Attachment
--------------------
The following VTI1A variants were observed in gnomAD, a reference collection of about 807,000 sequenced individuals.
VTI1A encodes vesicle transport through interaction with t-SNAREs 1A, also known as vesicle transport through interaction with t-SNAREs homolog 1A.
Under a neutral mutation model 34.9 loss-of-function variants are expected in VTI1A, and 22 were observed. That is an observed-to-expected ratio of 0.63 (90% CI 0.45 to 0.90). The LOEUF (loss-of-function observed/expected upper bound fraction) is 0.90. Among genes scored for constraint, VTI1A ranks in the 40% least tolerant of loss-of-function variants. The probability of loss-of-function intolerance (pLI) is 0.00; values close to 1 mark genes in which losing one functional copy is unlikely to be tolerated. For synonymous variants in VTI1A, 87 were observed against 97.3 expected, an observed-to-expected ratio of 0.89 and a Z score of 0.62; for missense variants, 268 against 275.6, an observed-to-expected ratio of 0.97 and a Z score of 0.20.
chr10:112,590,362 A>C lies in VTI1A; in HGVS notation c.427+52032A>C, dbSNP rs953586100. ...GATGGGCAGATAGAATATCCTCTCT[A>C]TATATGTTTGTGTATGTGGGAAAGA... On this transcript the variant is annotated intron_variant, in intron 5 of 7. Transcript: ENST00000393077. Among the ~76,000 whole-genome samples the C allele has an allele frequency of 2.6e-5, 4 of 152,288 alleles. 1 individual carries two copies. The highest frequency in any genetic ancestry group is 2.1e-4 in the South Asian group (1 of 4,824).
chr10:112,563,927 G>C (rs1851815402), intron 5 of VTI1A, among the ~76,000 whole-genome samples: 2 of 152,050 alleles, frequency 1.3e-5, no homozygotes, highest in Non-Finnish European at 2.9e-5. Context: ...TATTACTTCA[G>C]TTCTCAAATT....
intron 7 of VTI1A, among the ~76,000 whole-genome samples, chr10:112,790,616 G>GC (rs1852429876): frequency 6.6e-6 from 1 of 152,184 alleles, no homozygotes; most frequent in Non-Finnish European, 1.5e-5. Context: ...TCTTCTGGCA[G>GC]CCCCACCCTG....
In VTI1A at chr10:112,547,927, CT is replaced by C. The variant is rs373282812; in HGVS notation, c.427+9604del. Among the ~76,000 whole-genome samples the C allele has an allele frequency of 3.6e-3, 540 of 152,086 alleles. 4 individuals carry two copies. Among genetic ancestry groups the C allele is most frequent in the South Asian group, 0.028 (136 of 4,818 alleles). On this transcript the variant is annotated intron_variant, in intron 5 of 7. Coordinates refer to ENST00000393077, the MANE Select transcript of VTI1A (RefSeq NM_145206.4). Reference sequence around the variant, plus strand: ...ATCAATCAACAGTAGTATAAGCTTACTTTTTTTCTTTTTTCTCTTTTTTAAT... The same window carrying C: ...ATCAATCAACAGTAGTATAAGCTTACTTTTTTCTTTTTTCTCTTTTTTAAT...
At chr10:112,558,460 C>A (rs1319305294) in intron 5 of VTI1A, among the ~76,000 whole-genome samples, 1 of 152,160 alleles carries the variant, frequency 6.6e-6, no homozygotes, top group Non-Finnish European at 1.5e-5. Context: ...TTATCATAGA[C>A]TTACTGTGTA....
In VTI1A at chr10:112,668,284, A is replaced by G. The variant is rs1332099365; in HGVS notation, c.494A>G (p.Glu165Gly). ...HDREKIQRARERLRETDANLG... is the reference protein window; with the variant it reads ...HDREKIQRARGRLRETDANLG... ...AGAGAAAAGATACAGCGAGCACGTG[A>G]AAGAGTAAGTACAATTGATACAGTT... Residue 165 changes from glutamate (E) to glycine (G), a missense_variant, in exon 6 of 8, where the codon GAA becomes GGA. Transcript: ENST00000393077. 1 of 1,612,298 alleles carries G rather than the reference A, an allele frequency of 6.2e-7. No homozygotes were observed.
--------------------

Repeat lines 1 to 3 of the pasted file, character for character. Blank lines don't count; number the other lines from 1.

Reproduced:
The following VTI1A variants were observed in gnomAD, a reference collection of about 807,000 sequenced individuals.
VTI1A encodes vesicle transport through interaction with t-SNAREs 1A, also known as vesicle transport through interaction with t-SNAREs homolog 1A.
Under a neutral mutation model 34.9 loss-of-function variants are expected in VTI1A, and 22 were observed. That is an observed-to-expected ratio of 0.63 (90% CI 0.45 to 0.90). The LOEUF (loss-of-function observed/expected upper bound fraction) is 0.90. Among genes scored for constraint, VTI1A ranks in the 40% least tolerant of loss-of-function variants. The probability of loss-of-function intolerance (pLI) is 0.00; values close to 1 mark genes in which losing one functional copy is unlikely to be tolerated. For synonymous variants in VTI1A, 87 were observed against 97.3 expected, an observed-to-expected ratio of 0.89 and a Z score of 0.62; for missense variants, 268 against 275.6, an observed-to-expected ratio of 0.97 and a Z score of 0.20.